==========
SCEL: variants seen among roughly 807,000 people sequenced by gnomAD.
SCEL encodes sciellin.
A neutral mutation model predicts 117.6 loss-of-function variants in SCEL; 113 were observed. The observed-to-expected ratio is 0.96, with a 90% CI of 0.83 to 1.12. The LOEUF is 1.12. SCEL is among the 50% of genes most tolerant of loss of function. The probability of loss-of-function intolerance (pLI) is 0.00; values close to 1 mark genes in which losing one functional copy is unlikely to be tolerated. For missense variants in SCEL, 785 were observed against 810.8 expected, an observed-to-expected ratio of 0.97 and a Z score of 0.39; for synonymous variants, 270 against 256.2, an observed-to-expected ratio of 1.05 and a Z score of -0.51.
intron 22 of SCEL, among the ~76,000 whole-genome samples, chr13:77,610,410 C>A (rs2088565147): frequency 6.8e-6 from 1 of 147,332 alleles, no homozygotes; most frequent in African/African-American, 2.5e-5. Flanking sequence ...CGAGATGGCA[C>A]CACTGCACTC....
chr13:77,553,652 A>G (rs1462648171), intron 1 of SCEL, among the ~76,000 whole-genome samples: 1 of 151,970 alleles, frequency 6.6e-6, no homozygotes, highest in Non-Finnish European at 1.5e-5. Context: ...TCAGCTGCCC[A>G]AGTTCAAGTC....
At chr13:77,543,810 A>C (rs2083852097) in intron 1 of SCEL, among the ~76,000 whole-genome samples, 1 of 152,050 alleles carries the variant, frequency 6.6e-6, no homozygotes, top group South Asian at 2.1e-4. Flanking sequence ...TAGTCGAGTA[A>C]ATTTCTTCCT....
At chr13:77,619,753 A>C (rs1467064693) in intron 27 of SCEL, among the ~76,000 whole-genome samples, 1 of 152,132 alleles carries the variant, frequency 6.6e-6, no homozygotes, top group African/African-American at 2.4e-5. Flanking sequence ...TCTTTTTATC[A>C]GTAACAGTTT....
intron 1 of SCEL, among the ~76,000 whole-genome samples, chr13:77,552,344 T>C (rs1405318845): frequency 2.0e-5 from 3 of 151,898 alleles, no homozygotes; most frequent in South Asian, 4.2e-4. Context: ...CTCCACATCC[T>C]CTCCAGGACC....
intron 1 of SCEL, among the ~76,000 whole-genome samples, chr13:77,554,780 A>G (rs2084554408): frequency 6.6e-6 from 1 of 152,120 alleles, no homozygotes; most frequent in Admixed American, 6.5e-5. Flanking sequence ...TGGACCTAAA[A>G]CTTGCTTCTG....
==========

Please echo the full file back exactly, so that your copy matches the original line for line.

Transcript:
SCEL: variants seen among roughly 807,000 people sequenced by gnomAD.
SCEL encodes sciellin.
A neutral mutation model predicts 117.6 loss-of-function variants in SCEL; 113 were observed. The observed-to-expected ratio is 0.96, with a 90% CI of 0.83 to 1.12. The LOEUF is 1.12. SCEL is among the 50% of genes most tolerant of loss of function. The probability of loss-of-function intolerance (pLI) is 0.00; values close to 1 mark genes in which losing one functional copy is unlikely to be tolerated. For missense variants in SCEL, 785 were observed against 810.8 expected, an observed-to-expected ratio of 0.97 and a Z score of 0.39; for synonymous variants, 270 against 256.2, an observed-to-expected ratio of 1.05 and a Z score of -0.51.
intron 22 of SCEL, among the ~76,000 whole-genome samples, chr13:77,610,410 C>A (rs2088565147): frequency 6.8e-6 from 1 of 147,332 alleles, no homozygotes; most frequent in African/African-American, 2.5e-5. Flanking sequence ...CGAGATGGCA[C>A]CACTGCACTC....
chr13:77,553,652 A>G (rs1462648171), intron 1 of SCEL, among the ~76,000 whole-genome samples: 1 of 151,970 alleles, frequency 6.6e-6, no homozygotes, highest in Non-Finnish European at 1.5e-5. Context: ...TCAGCTGCCC[A>G]AGTTCAAGTC....
At chr13:77,543,810 A>C (rs2083852097) in intron 1 of SCEL, among the ~76,000 whole-genome samples, 1 of 152,050 alleles carries the variant, frequency 6.6e-6, no homozygotes, top group South Asian at 2.1e-4. Flanking sequence ...TAGTCGAGTA[A>C]ATTTCTTCCT....
At chr13:77,619,753 A>C (rs1467064693) in intron 27 of SCEL, among the ~76,000 whole-genome samples, 1 of 152,132 alleles carries the variant, frequency 6.6e-6, no homozygotes, top group African/African-American at 2.4e-5. Flanking sequence ...TCTTTTTATC[A>C]GTAACAGTTT....
intron 1 of SCEL, among the ~76,000 whole-genome samples, chr13:77,552,344 T>C (rs1405318845): frequency 2.0e-5 from 3 of 151,898 alleles, no homozygotes; most frequent in South Asian, 4.2e-4. Context: ...CTCCACATCC[T>C]CTCCAGGACC....
intron 1 of SCEL, among the ~76,000 whole-genome samples, chr13:77,554,780 A>G (rs2084554408): frequency 6.6e-6 from 1 of 152,120 alleles, no homozygotes; most frequent in Admixed American, 6.5e-5. Flanking sequence ...TGGACCTAAA[A>G]CTTGCTTCTG....